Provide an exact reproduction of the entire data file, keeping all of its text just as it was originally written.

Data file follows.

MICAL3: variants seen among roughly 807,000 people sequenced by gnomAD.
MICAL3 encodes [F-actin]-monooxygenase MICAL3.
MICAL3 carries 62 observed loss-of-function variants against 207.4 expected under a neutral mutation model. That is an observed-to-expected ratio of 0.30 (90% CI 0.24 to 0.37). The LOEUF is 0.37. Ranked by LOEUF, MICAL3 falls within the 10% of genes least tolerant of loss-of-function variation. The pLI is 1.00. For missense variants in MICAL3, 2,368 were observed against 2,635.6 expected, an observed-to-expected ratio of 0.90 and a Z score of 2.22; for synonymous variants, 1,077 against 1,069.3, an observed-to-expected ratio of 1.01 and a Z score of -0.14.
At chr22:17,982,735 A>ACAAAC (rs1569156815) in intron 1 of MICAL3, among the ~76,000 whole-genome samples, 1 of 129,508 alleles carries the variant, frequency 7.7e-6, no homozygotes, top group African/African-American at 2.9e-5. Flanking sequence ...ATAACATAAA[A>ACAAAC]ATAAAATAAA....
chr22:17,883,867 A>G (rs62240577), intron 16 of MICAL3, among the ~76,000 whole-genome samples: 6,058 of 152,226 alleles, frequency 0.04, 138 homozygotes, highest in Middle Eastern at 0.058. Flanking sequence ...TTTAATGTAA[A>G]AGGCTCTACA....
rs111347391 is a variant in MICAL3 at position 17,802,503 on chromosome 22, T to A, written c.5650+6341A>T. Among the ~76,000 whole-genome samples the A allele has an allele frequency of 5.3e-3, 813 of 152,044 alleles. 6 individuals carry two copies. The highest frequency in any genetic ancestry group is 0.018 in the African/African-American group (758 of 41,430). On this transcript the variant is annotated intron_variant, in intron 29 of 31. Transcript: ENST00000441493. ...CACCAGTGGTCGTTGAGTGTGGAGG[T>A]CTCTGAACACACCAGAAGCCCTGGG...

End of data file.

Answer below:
MICAL3: variants seen among roughly 807,000 people sequenced by gnomAD.
MICAL3 encodes [F-actin]-monooxygenase MICAL3.
MICAL3 carries 62 observed loss-of-function variants against 207.4 expected under a neutral mutation model. That is an observed-to-expected ratio of 0.30 (90% CI 0.24 to 0.37). The LOEUF is 0.37. Ranked by LOEUF, MICAL3 falls within the 10% of genes least tolerant of loss-of-function variation. The pLI is 1.00. For missense variants in MICAL3, 2,368 were observed against 2,635.6 expected, an observed-to-expected ratio of 0.90 and a Z score of 2.22; for synonymous variants, 1,077 against 1,069.3, an observed-to-expected ratio of 1.01 and a Z score of -0.14.
At chr22:17,982,735 A>ACAAAC (rs1569156815) in intron 1 of MICAL3, among the ~76,000 whole-genome samples, 1 of 129,508 alleles carries the variant, frequency 7.7e-6, no homozygotes, top group African/African-American at 2.9e-5. Flanking sequence ...ATAACATAAA[A>ACAAAC]ATAAAATAAA....
chr22:17,883,867 A>G (rs62240577), intron 16 of MICAL3, among the ~76,000 whole-genome samples: 6,058 of 152,226 alleles, frequency 0.04, 138 homozygotes, highest in Middle Eastern at 0.058. Flanking sequence ...TTTAATGTAA[A>G]AGGCTCTACA....
rs111347391 is a variant in MICAL3 at position 17,802,503 on chromosome 22, T to A, written c.5650+6341A>T. Among the ~76,000 whole-genome samples the A allele has an allele frequency of 5.3e-3, 813 of 152,044 alleles. 6 individuals carry two copies. The highest frequency in any genetic ancestry group is 0.018 in the African/African-American group (758 of 41,430). On this transcript the variant is annotated intron_variant, in intron 29 of 31. Transcript: ENST00000441493. ...CACCAGTGGTCGTTGAGTGTGGAGG[T>A]CTCTGAACACACCAGAAGCCCTGGG...